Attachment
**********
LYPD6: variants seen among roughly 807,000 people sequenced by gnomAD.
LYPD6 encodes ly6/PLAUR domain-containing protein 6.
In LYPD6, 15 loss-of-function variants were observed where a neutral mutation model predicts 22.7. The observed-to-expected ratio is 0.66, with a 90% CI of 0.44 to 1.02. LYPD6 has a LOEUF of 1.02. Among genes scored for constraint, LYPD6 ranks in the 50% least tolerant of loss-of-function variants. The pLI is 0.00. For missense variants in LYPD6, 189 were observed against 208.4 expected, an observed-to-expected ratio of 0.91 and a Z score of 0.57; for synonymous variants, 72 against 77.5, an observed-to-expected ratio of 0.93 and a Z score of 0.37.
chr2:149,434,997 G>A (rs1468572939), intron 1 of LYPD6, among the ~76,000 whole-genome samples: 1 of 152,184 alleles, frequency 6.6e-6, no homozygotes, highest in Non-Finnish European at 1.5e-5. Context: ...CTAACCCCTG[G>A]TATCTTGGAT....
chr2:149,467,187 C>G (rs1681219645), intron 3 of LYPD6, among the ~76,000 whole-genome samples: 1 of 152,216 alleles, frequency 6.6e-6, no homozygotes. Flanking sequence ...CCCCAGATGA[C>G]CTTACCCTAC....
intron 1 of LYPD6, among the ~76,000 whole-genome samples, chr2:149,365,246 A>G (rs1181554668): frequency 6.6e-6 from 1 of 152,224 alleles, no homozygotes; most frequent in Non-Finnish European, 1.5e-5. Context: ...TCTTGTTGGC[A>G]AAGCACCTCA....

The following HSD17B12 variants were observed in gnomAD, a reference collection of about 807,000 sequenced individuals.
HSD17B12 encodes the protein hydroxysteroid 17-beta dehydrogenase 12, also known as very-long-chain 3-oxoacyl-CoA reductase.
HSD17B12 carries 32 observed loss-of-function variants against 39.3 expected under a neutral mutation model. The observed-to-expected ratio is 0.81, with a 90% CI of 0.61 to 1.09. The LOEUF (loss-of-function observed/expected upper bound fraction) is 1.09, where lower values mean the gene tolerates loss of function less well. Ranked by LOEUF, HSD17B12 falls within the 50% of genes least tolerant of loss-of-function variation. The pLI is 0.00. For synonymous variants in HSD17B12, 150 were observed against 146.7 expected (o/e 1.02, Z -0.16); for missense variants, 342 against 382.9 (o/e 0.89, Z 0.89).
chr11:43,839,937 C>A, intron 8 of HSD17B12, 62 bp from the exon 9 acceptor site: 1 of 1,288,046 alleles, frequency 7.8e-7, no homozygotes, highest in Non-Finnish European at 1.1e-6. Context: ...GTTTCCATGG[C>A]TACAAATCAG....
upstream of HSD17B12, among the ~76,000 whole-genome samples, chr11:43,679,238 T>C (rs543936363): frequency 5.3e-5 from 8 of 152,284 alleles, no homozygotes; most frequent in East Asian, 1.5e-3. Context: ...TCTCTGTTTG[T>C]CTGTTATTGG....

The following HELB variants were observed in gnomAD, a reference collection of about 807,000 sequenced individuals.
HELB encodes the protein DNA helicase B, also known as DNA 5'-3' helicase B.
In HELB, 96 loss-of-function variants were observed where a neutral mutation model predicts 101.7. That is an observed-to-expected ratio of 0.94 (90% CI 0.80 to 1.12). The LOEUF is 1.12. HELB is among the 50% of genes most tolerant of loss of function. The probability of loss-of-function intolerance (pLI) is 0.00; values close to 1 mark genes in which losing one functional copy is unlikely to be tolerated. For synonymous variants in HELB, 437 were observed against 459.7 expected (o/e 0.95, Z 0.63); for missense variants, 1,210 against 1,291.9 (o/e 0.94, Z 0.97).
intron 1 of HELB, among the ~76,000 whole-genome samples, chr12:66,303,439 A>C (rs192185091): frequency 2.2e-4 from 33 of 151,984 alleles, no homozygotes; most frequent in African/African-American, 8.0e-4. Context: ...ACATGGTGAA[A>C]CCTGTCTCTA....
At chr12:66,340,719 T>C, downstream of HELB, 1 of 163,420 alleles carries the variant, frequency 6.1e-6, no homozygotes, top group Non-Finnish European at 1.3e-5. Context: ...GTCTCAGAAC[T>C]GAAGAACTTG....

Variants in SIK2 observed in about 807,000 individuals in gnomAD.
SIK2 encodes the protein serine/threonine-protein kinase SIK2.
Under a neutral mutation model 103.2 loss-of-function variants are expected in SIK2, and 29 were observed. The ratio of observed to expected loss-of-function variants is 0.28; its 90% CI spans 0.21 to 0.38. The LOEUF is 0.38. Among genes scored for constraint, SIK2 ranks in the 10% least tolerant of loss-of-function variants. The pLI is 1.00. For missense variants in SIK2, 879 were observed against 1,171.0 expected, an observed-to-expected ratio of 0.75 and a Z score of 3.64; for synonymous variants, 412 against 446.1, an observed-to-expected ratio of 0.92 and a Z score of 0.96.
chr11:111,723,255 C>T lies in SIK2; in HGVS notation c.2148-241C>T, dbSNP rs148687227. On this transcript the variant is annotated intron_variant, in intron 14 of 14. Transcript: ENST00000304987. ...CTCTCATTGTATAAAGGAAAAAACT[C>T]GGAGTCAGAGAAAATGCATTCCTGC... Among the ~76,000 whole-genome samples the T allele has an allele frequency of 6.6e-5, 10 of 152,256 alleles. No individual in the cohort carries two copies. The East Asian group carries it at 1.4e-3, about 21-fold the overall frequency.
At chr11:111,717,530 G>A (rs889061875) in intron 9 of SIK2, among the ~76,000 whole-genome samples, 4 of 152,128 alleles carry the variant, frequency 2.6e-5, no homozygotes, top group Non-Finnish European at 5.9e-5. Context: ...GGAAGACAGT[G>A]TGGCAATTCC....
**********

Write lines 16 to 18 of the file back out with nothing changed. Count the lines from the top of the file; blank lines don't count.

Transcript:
At chr12:66,340,719 T>C, downstream of HELB, 1 of 163,420 alleles carries the variant, frequency 6.1e-6, no homozygotes, top group Non-Finnish European at 1.3e-5. Context: ...GTCTCAGAAC[T>C]GAAGAACTTG....

Variants in SIK2 observed in about 807,000 individuals in gnomAD.
SIK2 encodes the protein serine/threonine-protein kinase SIK2.